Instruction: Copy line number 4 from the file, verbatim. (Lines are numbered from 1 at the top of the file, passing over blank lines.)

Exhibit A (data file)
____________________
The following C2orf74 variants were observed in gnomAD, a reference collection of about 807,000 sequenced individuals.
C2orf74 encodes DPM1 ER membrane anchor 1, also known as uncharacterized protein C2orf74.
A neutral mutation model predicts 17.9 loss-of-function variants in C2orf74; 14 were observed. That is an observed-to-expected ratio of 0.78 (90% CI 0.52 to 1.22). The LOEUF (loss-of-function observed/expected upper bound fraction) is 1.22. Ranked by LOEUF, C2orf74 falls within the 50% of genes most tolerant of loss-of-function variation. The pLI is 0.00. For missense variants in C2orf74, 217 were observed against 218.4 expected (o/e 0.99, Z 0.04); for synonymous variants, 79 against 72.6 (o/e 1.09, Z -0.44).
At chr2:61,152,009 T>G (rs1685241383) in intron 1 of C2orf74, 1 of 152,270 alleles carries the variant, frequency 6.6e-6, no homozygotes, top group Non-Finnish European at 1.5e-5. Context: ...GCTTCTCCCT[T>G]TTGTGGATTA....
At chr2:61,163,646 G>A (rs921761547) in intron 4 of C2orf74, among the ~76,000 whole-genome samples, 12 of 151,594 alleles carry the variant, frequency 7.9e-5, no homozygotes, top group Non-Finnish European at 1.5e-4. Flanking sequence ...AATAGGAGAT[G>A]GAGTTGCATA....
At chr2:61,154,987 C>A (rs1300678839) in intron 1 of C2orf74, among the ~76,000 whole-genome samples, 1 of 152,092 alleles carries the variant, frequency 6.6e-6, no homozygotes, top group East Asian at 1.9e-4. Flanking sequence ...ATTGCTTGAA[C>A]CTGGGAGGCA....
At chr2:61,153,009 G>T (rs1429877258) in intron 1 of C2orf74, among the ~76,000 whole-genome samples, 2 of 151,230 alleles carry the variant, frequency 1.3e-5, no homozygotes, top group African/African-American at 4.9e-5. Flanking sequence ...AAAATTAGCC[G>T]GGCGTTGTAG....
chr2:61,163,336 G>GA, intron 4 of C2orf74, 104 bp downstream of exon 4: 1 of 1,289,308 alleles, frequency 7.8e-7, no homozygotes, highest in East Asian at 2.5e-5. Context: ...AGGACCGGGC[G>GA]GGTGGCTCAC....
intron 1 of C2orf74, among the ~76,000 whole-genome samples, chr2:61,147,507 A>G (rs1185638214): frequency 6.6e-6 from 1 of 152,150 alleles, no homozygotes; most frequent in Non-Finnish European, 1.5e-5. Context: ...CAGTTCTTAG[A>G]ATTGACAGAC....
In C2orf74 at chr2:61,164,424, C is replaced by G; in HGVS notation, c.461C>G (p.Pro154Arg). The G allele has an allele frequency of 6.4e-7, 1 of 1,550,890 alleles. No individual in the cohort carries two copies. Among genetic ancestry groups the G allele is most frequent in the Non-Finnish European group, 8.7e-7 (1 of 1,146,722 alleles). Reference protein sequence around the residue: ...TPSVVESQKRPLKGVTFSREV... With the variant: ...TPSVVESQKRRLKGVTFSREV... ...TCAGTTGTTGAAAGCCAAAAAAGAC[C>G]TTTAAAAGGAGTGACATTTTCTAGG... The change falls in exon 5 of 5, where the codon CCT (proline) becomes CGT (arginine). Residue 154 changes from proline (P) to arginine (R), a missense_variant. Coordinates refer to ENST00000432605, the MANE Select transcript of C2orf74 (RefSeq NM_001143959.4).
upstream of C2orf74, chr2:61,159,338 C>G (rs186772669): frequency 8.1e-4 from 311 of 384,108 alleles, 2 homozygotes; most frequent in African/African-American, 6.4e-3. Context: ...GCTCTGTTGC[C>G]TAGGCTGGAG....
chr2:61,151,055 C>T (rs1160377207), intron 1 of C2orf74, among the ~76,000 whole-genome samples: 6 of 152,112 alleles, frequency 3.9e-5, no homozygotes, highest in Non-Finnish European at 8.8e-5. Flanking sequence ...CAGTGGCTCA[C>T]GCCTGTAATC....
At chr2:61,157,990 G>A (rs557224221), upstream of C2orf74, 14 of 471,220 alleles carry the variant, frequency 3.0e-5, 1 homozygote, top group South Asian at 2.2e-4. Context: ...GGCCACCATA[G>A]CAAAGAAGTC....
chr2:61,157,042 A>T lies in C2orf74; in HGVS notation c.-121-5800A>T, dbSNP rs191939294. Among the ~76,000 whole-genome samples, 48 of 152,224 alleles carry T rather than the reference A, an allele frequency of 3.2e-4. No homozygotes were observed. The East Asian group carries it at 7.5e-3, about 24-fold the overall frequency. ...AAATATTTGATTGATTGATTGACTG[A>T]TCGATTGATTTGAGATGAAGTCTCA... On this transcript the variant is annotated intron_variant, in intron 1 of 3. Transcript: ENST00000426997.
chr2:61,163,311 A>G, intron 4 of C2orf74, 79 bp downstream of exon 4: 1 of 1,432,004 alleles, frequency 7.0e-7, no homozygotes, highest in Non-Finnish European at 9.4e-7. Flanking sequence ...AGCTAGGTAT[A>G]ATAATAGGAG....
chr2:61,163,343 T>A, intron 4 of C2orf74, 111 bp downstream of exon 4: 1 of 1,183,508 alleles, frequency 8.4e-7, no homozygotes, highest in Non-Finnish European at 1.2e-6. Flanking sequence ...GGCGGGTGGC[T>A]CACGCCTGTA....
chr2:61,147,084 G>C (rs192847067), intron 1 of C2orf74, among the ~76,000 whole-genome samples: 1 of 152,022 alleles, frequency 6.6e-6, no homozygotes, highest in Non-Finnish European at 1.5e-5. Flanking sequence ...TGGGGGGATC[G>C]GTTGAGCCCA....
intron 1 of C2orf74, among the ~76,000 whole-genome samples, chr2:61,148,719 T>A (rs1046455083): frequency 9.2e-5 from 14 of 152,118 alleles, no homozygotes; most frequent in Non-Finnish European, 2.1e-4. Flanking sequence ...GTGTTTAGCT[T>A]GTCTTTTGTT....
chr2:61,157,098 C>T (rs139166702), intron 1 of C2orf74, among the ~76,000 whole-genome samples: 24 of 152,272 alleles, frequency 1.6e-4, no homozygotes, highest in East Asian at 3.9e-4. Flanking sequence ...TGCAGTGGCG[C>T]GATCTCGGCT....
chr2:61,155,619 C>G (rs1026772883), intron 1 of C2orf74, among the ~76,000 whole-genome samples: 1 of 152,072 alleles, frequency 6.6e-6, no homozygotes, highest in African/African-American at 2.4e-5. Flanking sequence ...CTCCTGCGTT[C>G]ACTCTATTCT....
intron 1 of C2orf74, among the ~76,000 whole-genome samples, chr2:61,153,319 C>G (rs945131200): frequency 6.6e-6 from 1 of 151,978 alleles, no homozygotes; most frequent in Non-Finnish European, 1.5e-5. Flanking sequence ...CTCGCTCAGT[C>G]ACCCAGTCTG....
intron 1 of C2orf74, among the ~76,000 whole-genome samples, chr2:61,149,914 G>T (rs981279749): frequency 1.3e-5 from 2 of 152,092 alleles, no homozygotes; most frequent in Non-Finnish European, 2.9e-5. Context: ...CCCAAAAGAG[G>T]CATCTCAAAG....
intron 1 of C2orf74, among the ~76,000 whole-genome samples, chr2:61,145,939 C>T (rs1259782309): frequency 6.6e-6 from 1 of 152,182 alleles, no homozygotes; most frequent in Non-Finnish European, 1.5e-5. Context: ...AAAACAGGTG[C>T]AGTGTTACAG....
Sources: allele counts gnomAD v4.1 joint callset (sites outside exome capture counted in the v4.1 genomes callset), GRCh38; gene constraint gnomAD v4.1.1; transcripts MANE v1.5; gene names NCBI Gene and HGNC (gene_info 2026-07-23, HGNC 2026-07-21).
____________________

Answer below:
At chr2:61,152,009 T>G (rs1685241383) in intron 1 of C2orf74, 1 of 152,270 alleles carries the variant, frequency 6.6e-6, no homozygotes, top group Non-Finnish European at 1.5e-5. Context: ...GCTTCTCCCT[T>G]TTGTGGATTA....